When Lt. Gov. Kathy Hochul visits Buffalo these days, she said she's seeing job training that she's never seen before.
That's because there are finally jobs to be had.
Those Western New York jobs, and the skills needed to do them, were the reason for Hochul's appearance in Buffalo Monday morning as she announced a total of $1.4 million in state funding for seven programs that are all part of a soon-to-be launched workforce program called "Thrive Buffalo."
"We are in a new era here in Buffalo," Hochul said at a news conference at the University at Buffalo's Arthur O. Eve Educational Opportunity Center at 555 Ellicott St. "When I go over to Northland Workforce Training Center and other places I am finally seeing an emergence of places where people are learning skills that the employers are looking for.
"For most of my life, growing up in Western New York, we've not worried about skills training, because there were no jobs to train for. The jobs we all trained for left, when manufacturing left. We know the story of the decline of Western New York.
"Fast forward to today. The number one complaint I get from employers, is not about the taxes or the business climate in the state of New York, it's that they cannot find workers with the skills they need. The challenge is how do we connect the population in hard-hit areas to those jobs. And the link is this program."
Hochul announced that the seven programs that will receive funding are:
The funding comes from Gov. Andrew M. Cuomo's $25 million Empire State Poverty Reduction Initiative. The $25 million initiative is designed to aid 16 communities throughout the state in "developing locally driven strategies to reduce poverty and increase economic opportunity."
"We don't really have a true integrated talent pipeline continuum here in Buffalo and Erie County," said Michael Weiner, president and CEO of the United Way of Buffalo and Erie County, which has overseen the genesis of the Thrive Buffalo initiative. "What we want to do is make it easy for people who are already working, who are in financial hardship because they're in minimum wage jobs ... we want to help them connect with these job opportunities."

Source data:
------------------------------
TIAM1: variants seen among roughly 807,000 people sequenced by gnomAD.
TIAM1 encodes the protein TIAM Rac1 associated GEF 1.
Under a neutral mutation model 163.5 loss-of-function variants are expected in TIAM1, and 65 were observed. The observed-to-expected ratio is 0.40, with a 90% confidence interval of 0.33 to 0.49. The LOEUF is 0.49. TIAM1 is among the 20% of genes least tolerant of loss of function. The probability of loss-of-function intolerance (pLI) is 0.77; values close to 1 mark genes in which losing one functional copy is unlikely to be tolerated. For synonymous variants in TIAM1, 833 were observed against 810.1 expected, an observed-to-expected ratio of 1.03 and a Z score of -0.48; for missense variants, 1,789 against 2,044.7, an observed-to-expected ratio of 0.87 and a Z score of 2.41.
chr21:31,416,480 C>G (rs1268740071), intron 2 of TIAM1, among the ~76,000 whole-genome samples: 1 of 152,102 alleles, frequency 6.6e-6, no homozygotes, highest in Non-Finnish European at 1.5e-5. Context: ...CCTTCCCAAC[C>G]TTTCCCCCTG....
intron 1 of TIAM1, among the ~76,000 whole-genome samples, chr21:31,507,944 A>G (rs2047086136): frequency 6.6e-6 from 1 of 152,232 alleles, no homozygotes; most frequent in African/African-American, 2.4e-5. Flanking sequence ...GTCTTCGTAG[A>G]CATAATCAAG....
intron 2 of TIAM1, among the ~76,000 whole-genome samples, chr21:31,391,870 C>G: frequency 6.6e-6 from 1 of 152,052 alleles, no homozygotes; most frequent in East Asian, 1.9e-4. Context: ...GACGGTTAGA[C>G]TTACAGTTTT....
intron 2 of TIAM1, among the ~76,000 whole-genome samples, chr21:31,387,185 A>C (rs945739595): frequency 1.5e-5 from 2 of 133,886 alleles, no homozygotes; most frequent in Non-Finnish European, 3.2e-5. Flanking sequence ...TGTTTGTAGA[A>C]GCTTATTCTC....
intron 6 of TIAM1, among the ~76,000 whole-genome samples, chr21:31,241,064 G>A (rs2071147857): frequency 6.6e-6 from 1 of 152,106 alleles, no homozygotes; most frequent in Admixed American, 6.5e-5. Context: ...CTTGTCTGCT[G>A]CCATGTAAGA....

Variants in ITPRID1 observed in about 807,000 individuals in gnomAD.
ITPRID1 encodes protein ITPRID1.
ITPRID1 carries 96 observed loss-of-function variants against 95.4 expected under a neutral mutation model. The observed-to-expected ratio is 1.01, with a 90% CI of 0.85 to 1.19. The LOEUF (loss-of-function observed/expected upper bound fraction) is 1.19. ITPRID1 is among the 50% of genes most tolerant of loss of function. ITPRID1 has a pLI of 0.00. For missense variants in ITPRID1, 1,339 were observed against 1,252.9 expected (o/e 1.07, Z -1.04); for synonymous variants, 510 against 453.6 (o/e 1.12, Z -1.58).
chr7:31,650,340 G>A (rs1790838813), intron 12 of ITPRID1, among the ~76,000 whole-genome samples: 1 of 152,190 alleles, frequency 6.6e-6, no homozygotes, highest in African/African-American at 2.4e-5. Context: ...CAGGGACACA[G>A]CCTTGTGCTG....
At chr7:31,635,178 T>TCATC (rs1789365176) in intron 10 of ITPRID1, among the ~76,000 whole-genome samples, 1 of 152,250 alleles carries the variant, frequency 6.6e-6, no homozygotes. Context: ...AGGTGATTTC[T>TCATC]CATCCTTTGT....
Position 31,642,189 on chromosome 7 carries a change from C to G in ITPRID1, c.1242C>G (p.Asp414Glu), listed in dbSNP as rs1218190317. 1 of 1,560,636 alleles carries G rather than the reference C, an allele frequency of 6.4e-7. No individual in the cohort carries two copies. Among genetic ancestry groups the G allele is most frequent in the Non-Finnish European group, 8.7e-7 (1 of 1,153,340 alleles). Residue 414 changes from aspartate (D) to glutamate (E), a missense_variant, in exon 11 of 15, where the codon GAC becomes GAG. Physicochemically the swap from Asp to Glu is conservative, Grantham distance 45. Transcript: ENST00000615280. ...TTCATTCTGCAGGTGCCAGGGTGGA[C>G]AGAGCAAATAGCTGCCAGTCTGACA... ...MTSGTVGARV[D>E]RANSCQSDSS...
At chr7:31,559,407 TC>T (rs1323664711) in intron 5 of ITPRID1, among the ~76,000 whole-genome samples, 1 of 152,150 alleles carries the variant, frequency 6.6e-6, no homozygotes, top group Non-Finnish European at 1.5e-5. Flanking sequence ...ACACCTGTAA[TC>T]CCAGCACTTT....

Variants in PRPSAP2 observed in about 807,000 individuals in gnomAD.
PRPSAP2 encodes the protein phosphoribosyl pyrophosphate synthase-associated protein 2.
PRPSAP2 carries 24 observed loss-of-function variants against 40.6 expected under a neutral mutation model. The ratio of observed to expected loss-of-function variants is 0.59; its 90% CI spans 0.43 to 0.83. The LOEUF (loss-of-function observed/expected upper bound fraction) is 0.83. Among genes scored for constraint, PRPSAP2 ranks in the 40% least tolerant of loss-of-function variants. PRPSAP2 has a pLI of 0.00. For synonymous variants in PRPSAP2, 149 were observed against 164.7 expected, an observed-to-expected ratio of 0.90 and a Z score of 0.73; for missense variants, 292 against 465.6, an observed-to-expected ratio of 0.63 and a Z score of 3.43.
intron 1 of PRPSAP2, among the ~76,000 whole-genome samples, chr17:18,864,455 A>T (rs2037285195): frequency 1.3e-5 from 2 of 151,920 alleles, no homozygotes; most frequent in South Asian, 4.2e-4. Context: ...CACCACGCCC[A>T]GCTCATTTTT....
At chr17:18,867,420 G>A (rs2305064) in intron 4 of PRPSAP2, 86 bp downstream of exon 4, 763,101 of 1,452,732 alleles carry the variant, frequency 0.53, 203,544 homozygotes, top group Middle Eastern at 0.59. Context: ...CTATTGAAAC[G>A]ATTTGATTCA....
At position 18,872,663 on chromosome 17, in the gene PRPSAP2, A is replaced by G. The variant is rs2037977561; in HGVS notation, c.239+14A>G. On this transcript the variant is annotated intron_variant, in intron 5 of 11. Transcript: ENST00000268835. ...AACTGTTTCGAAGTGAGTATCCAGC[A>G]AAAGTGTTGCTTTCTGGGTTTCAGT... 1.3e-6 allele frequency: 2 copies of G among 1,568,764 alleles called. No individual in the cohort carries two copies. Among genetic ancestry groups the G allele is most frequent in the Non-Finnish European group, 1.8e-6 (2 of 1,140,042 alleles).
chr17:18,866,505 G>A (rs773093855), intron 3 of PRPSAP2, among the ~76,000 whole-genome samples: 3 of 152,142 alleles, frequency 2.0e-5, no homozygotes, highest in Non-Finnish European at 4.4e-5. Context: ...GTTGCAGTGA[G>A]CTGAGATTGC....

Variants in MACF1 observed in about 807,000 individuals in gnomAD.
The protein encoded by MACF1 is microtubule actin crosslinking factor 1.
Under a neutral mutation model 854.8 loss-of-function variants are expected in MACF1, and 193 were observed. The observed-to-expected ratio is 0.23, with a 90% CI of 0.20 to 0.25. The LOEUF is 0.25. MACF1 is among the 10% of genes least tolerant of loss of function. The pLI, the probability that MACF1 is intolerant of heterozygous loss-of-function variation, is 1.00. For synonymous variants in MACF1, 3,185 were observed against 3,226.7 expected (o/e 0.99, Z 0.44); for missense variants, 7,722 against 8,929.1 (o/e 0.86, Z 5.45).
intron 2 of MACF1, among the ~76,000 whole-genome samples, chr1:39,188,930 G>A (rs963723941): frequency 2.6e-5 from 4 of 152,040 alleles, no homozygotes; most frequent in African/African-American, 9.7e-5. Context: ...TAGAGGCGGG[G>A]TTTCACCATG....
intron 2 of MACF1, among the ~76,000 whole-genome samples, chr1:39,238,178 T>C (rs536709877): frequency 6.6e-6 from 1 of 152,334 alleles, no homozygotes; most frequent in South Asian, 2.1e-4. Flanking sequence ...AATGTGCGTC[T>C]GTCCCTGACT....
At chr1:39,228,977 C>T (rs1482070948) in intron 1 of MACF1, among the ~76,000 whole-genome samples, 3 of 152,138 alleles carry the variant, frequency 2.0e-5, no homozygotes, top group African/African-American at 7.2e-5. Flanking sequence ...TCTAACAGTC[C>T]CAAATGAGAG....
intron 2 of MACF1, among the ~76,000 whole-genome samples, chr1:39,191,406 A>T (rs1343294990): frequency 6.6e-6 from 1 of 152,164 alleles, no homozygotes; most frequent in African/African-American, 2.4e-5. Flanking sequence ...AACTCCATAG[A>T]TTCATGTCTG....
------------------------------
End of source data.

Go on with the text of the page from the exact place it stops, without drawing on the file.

This was a second phase of initiative funding for the Thrive Buffalo project. The first phase, Weiner said, was a two-year process funded by $2.4 million which was essentially a fact-finding effort to identify what kind of plan the area would need. The group's research included community outreach, surveys and the study of best practices, including a Houston program (UpSkill Houston) that helped inspire Thrive Buffalo.
"We learned what the barriers to employment are, and learned how to overcome them by responding programmatically and strategically," Weiner said. "What we’ve created is a partnership with key stakeholders that can provide a full range of services and supports."
Weiner said the hope is that these supports will lead to better jobs for those holding minimum wage positions.
"We want to create a culture in this community where people get excited about the fact that … rather than just go and read a website that has a 100 different job opportunities on it, they can talk with a job coach, they can learn about the skill set that they need, they can get some soft skill training on-site or additional required training in the realm of advance manufacturing," he said.
"If we can help people increase their wage by $2, $3, $4, $5 an hour, we’re going in the right direction."
Weiner said Thrive Buffalo will begin with a soft launch next week as they start talking to people and experiment with the system. Staff hiring has been made, community forums will be held and there will be a public relations campaign.